Other improvements that could be considered:
- Rather than just using Points, calculate Temperature from a combination of other metrics, taking into account other positive contributions (like helping others) to increase an individual’s Temperature and negative outcomes (like attributable production bugs) to decrease Temperature; this, however, would require a more complex formula for increasing and decreasing Temperature, so while I think this idea has merit due to the increased complexity I decided not to delve into the details in the book or here (I may do that at a later time but my main interest so far has been to share the idea of Temperature and “hot” and “cold” streaks for software engineers)
- Rather than only calculating the moving average of recent iterations, you could have multiple moving averages with different weights; for example, you could take the moving average of the three most recent iterations and weight that as 75% and then take the moving average of the three prior iterations and weight that as 25%, giving you a longer trend to feed into the Temperature formula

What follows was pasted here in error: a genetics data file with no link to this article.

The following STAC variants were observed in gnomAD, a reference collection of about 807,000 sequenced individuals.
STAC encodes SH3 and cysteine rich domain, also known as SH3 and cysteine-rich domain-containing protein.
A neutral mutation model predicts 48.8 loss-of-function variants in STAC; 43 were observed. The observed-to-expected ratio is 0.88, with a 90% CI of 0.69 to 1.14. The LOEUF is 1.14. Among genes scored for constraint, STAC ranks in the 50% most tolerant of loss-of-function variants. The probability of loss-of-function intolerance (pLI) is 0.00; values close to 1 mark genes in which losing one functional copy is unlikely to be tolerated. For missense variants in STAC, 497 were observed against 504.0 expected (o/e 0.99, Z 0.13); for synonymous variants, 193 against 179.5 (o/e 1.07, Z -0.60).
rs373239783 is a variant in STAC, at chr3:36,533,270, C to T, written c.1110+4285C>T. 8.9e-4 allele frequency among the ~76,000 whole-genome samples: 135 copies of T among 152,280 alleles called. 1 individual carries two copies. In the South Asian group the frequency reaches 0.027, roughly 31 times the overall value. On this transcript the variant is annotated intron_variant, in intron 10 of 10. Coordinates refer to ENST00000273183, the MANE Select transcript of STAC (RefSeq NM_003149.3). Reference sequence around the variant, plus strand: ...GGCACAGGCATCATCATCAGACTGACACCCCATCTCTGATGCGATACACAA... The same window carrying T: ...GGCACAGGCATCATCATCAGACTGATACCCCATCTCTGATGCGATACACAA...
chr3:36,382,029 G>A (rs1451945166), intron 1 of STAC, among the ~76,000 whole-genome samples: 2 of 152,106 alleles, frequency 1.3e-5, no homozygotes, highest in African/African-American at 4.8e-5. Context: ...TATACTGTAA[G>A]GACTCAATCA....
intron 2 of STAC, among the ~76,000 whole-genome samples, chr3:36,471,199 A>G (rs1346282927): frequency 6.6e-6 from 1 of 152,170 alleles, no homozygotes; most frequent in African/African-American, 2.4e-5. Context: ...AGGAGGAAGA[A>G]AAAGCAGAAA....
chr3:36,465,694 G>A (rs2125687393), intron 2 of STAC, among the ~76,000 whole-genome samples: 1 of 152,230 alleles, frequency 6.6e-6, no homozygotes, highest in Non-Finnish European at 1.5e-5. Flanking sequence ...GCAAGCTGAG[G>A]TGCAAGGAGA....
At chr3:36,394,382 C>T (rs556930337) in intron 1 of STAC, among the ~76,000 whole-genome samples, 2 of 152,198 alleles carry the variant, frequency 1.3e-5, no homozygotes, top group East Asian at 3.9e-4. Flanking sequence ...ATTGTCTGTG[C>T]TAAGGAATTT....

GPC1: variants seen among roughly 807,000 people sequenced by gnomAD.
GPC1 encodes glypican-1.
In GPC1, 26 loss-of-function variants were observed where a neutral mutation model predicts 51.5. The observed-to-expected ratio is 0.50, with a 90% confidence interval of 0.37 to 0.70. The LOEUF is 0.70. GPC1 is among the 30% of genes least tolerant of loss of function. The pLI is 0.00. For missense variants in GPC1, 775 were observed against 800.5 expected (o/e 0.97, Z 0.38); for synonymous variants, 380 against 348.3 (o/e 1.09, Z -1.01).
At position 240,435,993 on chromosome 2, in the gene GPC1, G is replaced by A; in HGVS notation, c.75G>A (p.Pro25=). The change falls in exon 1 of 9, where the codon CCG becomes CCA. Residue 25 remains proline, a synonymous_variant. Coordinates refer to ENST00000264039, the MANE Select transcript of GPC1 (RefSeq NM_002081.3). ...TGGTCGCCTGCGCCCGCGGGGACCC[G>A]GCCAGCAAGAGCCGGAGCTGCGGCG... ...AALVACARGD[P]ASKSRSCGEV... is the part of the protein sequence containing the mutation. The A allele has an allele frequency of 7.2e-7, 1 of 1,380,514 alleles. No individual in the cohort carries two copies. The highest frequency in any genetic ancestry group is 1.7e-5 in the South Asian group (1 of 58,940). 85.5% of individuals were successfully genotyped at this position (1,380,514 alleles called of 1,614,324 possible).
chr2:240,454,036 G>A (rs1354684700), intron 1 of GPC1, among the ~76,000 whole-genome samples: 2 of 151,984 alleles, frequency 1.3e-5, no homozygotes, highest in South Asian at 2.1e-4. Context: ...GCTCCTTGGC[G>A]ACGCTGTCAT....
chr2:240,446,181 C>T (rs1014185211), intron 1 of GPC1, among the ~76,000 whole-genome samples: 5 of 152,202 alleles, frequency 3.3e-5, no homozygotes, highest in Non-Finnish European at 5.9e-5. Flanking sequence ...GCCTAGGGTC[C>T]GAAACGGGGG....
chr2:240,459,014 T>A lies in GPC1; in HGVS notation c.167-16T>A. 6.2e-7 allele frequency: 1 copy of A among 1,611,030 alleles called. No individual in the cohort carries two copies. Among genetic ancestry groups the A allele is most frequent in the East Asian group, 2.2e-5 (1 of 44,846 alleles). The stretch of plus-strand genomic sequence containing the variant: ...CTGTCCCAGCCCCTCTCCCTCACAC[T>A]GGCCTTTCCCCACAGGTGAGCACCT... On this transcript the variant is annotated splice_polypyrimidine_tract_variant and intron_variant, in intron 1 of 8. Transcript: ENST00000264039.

For what it’s worth, all of the possible improvements mentioned in this article are in line with the techniques used by Bill James in his baseball Temperature metric. Other, more detailed tweaks could be identified, too. But as usual I suggest starting with a simple approach that’s understandable and explainable for you and your team, knowing that you can add more complex metrics later.
We’re at the start of another major league baseball season. Hope springs eternal for every team, of course some to a greater or lesser extent. Here’s a simple question: why are some fans more hopeful or confident of their team’s chance of success, while others are less hopeful or downright pessimistic? The answer has to do with a simple concept we can call Variance, and it’s a useful concept to consider in the analysis of any team, including software teams.